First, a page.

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Monday, January 23, 2012

Alberta builds on leadership role in health care in Canada

John Sproule is the Senior Policy Director of the Institute of Health Economics in Edmonton, Alberta.
The Alberta government, Premier Alison Redford and Health Minister Fred Horne should be commended for their recent decision to join the Health Council of Canada.  Since the Council was formed in 2004, the Province has been represented indirectly through the participation of distinguished individual Albertans; the Government's decision to formally join the Council sends a positive signal.

Partnerships such as the Health Council are invaluable because the complex issues facing the health system can only be solved through cooperation, collaboration and learning across Canada and internationally.  Our policy forums routinely draw on expertise from around the world, and we believe Alberta has much to contribute to, and learn from, exchanges with healthcare leaders in other provinces and countries.  (The presentations from our most recent series of forums commissioned by Alberta Health Services can be accessed by clicking here)

IHE believes an important role for independent bodies is to assess and report to the public on progress in achieving the goals laid out by governments and health-care systems for improving health systems. This role is essential at the local and provincial levels, as well as on a national scale - bearing in mind that "national" does not mean "federal" in health policy in Canada, with our shared jurisdiction in health care.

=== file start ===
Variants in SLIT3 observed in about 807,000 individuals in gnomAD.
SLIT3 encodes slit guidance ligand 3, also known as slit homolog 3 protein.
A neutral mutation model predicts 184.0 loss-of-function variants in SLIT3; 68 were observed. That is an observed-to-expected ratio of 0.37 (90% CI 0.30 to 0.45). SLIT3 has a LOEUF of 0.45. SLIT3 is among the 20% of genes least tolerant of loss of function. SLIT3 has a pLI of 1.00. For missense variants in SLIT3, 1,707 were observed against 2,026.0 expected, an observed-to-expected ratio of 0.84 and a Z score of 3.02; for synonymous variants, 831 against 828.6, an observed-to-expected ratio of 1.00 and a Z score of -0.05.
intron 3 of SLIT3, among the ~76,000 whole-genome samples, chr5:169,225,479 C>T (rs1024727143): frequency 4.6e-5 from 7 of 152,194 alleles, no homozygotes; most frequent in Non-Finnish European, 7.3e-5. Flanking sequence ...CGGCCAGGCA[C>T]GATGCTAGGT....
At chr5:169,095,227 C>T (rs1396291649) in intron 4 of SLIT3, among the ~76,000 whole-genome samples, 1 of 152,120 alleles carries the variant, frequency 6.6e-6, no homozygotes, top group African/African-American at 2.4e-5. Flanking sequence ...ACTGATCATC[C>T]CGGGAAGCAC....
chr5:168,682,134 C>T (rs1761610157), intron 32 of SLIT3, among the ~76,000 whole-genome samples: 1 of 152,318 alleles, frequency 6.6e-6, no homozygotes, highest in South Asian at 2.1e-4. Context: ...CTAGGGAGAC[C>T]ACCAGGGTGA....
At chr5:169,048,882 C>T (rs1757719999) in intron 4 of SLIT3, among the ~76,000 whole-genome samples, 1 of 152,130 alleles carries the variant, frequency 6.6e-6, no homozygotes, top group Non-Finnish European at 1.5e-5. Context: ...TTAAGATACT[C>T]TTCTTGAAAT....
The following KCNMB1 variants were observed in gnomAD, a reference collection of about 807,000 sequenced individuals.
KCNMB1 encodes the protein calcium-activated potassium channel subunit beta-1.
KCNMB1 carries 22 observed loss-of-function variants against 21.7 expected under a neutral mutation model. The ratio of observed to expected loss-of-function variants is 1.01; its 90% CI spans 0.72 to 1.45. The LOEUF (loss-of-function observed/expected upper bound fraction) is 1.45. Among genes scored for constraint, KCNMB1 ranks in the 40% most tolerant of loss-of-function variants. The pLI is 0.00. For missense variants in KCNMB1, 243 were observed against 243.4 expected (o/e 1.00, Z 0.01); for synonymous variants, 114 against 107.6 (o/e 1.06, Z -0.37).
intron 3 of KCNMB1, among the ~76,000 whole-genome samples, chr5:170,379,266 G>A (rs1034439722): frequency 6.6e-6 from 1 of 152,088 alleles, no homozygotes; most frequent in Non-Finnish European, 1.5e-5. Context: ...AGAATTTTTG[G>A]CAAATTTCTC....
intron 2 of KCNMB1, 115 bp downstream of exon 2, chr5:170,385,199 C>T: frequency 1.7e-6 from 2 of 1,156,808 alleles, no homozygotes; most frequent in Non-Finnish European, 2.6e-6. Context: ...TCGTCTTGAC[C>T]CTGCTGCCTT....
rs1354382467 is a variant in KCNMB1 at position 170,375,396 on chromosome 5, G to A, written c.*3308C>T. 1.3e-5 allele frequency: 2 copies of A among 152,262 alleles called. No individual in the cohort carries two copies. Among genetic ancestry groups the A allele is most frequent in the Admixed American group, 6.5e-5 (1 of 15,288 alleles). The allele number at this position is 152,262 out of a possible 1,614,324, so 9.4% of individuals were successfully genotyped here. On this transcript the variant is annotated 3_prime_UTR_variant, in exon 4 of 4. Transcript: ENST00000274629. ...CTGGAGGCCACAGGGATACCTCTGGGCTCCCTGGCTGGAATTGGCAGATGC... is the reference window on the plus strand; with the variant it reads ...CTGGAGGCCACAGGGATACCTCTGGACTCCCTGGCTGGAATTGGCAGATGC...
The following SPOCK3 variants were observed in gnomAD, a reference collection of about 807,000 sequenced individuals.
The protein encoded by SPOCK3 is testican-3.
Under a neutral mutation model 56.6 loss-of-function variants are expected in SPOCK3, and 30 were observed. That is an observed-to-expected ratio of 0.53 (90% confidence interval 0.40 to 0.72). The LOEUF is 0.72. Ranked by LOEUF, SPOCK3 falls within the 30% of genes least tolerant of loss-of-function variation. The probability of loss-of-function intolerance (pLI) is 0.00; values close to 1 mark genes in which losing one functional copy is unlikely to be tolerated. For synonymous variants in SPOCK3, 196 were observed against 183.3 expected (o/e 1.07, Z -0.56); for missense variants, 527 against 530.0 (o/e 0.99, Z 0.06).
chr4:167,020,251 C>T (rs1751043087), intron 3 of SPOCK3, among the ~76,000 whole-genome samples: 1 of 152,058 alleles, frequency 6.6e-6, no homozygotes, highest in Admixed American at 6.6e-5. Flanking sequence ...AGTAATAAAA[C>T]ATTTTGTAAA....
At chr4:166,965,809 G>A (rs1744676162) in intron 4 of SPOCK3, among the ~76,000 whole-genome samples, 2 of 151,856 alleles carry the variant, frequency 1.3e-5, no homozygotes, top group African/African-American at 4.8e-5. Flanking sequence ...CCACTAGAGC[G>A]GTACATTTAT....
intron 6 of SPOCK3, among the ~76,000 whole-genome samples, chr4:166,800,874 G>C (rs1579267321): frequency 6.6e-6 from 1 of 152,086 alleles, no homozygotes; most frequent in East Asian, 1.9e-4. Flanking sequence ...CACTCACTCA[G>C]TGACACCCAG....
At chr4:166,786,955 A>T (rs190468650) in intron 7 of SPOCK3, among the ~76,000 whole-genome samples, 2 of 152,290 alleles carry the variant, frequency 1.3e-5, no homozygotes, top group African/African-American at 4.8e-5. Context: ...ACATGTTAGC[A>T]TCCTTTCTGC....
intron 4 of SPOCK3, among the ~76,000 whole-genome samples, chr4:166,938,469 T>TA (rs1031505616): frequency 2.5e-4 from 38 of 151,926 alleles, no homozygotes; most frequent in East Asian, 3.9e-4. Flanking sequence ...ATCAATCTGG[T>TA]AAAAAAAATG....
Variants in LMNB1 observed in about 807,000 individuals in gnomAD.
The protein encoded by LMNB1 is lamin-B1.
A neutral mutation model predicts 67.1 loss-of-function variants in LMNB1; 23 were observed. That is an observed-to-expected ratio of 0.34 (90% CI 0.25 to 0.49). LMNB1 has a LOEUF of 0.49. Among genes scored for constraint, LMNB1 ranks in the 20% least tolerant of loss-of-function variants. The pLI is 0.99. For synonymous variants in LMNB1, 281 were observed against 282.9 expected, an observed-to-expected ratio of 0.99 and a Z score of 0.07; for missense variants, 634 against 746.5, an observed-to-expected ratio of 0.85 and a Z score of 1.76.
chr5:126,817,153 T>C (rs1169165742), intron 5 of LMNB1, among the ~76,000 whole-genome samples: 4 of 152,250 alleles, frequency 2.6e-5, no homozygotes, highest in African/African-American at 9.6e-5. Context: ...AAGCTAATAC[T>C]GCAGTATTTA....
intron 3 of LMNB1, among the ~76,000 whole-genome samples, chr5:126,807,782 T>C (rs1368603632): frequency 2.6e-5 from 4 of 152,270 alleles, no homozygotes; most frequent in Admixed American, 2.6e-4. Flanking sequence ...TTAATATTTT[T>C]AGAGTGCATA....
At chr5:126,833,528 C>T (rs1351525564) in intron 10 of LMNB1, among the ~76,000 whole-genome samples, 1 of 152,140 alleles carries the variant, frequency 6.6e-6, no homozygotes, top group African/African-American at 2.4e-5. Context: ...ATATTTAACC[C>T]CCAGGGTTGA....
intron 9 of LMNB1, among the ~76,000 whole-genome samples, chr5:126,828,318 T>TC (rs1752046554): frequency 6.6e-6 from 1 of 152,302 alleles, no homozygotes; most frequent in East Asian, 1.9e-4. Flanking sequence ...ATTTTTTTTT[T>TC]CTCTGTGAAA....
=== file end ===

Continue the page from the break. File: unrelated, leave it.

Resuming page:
Alberta's participation in the Health Council builds on the Province's longstanding leadership role in health care;  it will enrich the health policy landscape both nationally and in Alberta.  There are great benefits from the natural experiments that can occur in our decentralized healthcare system in Canada – but the benefits will only be realized if innovations are assessed from a pan-Canadian perspective, and if learnings from new approaches are shared.  The Health Council provides a supportive vehicle for such efforts.

Alberta has been, and continues to be, a strong contributor to many national and regional health collaboration efforts.  The Province was a leader in the formation of the Canadian Institute for Health Information and the Canadian Coordinating Office for Health Technology Assessment (CCOHTA), which has evolved into the Canadian Agency for Drugs and Technologies in Health (CADTH).  With the creation of Alberta Health Services, Alberta remains at the forefront of innovation in healthcare delivery.  The IHE firmly believes that Alberta belongs at the table in any discussion of health policy in Canada.

Key Words: Alberta, Health Council of Canada, Health Accord


  1. My cousin recommended this blog and she was totally right keep up the fantastic work!

    Health Care

  2. You've got to kidding, I have tried for the last 3 years to contact our Health Minister in Alberta and all I is an administrative assistance who they replace and then their government email address in no longer available, which is very frustrating. I want to implement free health care for seniors right across the board, for free physio,chiropractic,acupuncture and all the other services.